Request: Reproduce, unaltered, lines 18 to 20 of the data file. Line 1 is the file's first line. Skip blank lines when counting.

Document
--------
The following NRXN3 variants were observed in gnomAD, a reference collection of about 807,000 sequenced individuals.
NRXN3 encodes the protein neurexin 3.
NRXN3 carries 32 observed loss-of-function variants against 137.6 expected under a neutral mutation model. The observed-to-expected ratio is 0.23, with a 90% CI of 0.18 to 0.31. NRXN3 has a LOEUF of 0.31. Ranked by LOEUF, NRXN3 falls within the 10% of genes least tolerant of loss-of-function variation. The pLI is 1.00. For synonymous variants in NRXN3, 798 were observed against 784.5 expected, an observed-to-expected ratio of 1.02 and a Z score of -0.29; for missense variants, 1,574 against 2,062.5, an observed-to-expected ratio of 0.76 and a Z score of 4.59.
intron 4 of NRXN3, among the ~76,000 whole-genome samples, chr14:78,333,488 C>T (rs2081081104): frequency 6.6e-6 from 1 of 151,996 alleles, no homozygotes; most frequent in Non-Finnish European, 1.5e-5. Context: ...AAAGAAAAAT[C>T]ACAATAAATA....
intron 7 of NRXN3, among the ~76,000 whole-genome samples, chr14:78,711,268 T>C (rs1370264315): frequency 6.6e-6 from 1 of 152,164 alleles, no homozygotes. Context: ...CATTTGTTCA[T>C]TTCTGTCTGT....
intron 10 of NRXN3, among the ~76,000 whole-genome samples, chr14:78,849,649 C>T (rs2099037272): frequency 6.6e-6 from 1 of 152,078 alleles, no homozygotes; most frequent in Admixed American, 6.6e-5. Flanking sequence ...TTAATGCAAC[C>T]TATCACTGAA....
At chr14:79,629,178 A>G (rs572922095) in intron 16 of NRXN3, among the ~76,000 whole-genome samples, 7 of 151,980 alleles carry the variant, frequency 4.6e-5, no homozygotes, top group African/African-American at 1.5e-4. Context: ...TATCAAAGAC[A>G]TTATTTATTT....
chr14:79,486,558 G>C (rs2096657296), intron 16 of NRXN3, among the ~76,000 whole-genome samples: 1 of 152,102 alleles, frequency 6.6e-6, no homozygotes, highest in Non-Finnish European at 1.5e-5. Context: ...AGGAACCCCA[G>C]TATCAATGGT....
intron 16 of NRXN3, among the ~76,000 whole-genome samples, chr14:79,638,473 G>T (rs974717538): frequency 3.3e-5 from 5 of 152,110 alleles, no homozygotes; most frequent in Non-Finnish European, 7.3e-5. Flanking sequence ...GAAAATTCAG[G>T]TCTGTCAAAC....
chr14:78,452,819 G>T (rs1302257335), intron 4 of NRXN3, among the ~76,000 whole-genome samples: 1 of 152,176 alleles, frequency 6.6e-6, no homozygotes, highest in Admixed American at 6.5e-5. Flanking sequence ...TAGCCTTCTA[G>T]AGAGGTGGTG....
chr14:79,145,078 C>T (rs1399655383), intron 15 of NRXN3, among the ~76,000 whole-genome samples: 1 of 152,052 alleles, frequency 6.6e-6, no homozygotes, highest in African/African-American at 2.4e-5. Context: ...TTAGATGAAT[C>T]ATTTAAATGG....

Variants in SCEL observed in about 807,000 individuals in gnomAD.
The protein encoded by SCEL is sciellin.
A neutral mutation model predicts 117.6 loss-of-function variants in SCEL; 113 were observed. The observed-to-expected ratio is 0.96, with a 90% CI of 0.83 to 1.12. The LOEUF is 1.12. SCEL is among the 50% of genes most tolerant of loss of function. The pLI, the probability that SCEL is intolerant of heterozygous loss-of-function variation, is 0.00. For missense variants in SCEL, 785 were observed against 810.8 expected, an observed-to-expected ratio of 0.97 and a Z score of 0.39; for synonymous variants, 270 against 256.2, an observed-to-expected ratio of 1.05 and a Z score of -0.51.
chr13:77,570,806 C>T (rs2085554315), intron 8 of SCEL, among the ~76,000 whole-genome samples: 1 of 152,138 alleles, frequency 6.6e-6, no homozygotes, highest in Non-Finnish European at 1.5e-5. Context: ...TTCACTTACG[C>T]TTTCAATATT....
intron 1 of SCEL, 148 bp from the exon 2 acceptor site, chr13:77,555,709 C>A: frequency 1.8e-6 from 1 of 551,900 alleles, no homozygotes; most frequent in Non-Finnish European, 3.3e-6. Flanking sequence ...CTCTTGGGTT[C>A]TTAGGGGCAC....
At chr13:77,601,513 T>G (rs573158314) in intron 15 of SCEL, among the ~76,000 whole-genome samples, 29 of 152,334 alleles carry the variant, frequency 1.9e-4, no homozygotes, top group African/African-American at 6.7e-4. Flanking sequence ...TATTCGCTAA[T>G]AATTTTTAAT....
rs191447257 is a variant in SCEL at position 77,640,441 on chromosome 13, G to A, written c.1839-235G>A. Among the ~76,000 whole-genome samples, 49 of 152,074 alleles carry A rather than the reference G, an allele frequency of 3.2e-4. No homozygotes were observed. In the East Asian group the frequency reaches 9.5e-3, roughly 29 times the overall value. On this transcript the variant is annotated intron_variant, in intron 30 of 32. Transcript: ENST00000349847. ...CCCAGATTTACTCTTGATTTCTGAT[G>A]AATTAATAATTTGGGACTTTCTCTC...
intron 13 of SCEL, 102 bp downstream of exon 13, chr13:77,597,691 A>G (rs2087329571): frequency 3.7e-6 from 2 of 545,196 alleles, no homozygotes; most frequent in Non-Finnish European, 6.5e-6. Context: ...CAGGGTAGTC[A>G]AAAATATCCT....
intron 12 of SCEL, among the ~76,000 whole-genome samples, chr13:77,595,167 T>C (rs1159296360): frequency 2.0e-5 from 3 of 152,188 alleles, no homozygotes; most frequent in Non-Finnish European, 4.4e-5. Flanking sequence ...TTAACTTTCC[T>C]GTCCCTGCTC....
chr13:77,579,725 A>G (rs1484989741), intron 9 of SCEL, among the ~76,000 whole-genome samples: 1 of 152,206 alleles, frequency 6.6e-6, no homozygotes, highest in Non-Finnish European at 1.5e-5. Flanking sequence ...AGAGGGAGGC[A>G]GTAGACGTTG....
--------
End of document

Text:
rs191447257 is a variant in SCEL at position 77,640,441 on chromosome 13, G to A, written c.1839-235G>A. Among the ~76,000 whole-genome samples, 49 of 152,074 alleles carry A rather than the reference G, an allele frequency of 3.2e-4. No homozygotes were observed. In the East Asian group the frequency reaches 9.5e-3, roughly 29 times the overall value. On this transcript the variant is annotated intron_variant, in intron 30 of 32. Transcript: ENST00000349847. ...CCCAGATTTACTCTTGATTTCTGAT[G>A]AATTAATAATTTGGGACTTTCTCTC...
intron 13 of SCEL, 102 bp downstream of exon 13, chr13:77,597,691 A>G (rs2087329571): frequency 3.7e-6 from 2 of 545,196 alleles, no homozygotes; most frequent in Non-Finnish European, 6.5e-6. Context: ...CAGGGTAGTC[A>G]AAAATATCCT....
intron 12 of SCEL, among the ~76,000 whole-genome samples, chr13:77,595,167 T>C (rs1159296360): frequency 2.0e-5 from 3 of 152,188 alleles, no homozygotes; most frequent in Non-Finnish European, 4.4e-5. Flanking sequence ...TTAACTTTCC[T>C]GTCCCTGCTC....